Wednesday, March 25, 2015

Bipartisan Group of Senators Call on VA Secretary to Ensure Post Vietnam Air Force Veterans Receive Proper Benefits and Compensation
Wednesday, February 4, 2015
Rachel Hicks (Burr)
Martina McLennan/ Ray Zaccaro (Merkley)
Josh Zembik (Blumenthal)

WASHINGTON, D.C. -- A bipartisan group of senators led by Senators Richard Burr (R-NC) and Jeff Merkley (D-OR) today called on VA Secretary Robert McDonald to ensure that veterans long denied care for exposure to Agent Orange receive timely and proper benefits and compensation. The letter follows a recent Institute of Medicine (IOM) study that provides new and compelling evidence on exposure to Agent Orange of veterans who flew contaminated aircraft after the Vietnam war.
Burr and Merkley were joined in a letter by Sens. Ron Wyden (D-OR), Elizabeth Warren (D-MA), Richard Blumenthal (D-CT), and Michael Bennet (D-CO).
The IOM study, which was published in January, found “with confidence” that post-Vietnam veterans serving on C-123 aircrafts were exposed to potentially dangerous levels of dioxin from aircrafts that were used to carry and spray Agent Orange during the Vietnam War and that were never properly decontaminated.
According to the study, an estimated 1500-2100 personnel served on the affected planes, and numerous veterans among that group have developed symptoms, including cancer, consistent with Agent Orange exposure.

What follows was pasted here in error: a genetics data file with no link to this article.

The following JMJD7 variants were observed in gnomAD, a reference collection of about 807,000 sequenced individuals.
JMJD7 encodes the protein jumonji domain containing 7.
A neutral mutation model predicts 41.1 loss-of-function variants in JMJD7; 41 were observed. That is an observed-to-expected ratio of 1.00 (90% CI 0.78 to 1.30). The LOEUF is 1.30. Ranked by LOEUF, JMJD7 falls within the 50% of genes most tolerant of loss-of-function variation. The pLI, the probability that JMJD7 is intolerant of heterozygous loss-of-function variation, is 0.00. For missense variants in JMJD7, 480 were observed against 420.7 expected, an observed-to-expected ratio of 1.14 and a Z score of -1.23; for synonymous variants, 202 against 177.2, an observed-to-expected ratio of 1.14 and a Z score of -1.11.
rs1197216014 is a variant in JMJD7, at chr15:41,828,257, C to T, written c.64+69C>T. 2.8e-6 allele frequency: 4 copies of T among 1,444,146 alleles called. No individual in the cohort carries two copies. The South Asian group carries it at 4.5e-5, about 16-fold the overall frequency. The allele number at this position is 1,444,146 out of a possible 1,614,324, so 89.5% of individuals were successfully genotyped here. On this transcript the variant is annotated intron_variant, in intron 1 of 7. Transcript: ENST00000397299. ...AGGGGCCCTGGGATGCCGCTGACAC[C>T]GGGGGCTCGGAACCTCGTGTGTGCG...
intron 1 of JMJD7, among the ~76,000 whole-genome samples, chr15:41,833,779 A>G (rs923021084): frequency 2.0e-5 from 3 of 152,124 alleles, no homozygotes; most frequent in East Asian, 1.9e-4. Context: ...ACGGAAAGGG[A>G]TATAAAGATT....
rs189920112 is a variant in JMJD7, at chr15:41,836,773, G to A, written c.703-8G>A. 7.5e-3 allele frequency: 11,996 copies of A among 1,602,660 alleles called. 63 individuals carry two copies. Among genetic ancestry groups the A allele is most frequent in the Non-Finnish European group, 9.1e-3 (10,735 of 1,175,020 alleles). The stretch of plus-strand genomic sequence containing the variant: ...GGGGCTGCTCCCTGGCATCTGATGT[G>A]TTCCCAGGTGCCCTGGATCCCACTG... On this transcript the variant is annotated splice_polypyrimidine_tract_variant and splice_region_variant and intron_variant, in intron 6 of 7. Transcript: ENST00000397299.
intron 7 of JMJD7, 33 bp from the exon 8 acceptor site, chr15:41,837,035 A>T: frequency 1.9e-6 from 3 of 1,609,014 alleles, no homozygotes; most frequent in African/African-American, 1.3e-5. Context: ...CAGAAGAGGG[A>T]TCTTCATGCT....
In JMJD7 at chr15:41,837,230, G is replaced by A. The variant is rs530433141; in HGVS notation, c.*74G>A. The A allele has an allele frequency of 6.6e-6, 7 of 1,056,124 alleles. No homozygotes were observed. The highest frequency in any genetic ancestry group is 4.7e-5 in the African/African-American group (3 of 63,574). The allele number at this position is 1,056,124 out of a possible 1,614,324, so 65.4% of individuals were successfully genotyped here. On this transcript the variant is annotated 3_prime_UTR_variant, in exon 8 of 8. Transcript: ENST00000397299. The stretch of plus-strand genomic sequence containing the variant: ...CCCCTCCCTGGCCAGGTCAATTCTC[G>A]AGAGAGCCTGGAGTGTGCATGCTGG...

The senators pushed the VA to reverse previous decisions that have denied veterans benefits and compensation, writing:
“Despite (1) multiple Air Force reports going back to 1979 showing that the C-123s were contaminated, (2) numerous expert opinions from inside and outside the government suggesting these veterans were  exposed to Agent Orange and other toxins, and (3) a judge’s order stopping the resale of these C-123s because the planes were a ‘danger to public health,’ the VA to-date has doggedly insisted  there is no possibility that post-Vietnam era C-123 veterans might have been exposed to dangerous levels of Agent Orange.  It also has denied all but one of the C-123 veterans’ claims for benefits.”
They continued, “It is our desire to see that C-123 veterans who suffer today because of service-related exposure to Agent Orange receive the help they need. To speed the award of benefits, we ask that you provide a presumption of service connection for these veterans.”
The senators also called on the VA to immediately review all C-123 Agent Orange exposure claims, including those that have been denied and are under appeal, and to work with the Department of Defense to proactively contact all veterans who served on any C-123s previously used in Vietnam to spray Agent Orange defoliant that were subsequently assigned to Air Force Reserve units based in the United States from 1972-1982 in order to notify these veterans that they may be eligible for benefits.
The full text of the letter follows below and can be found here.

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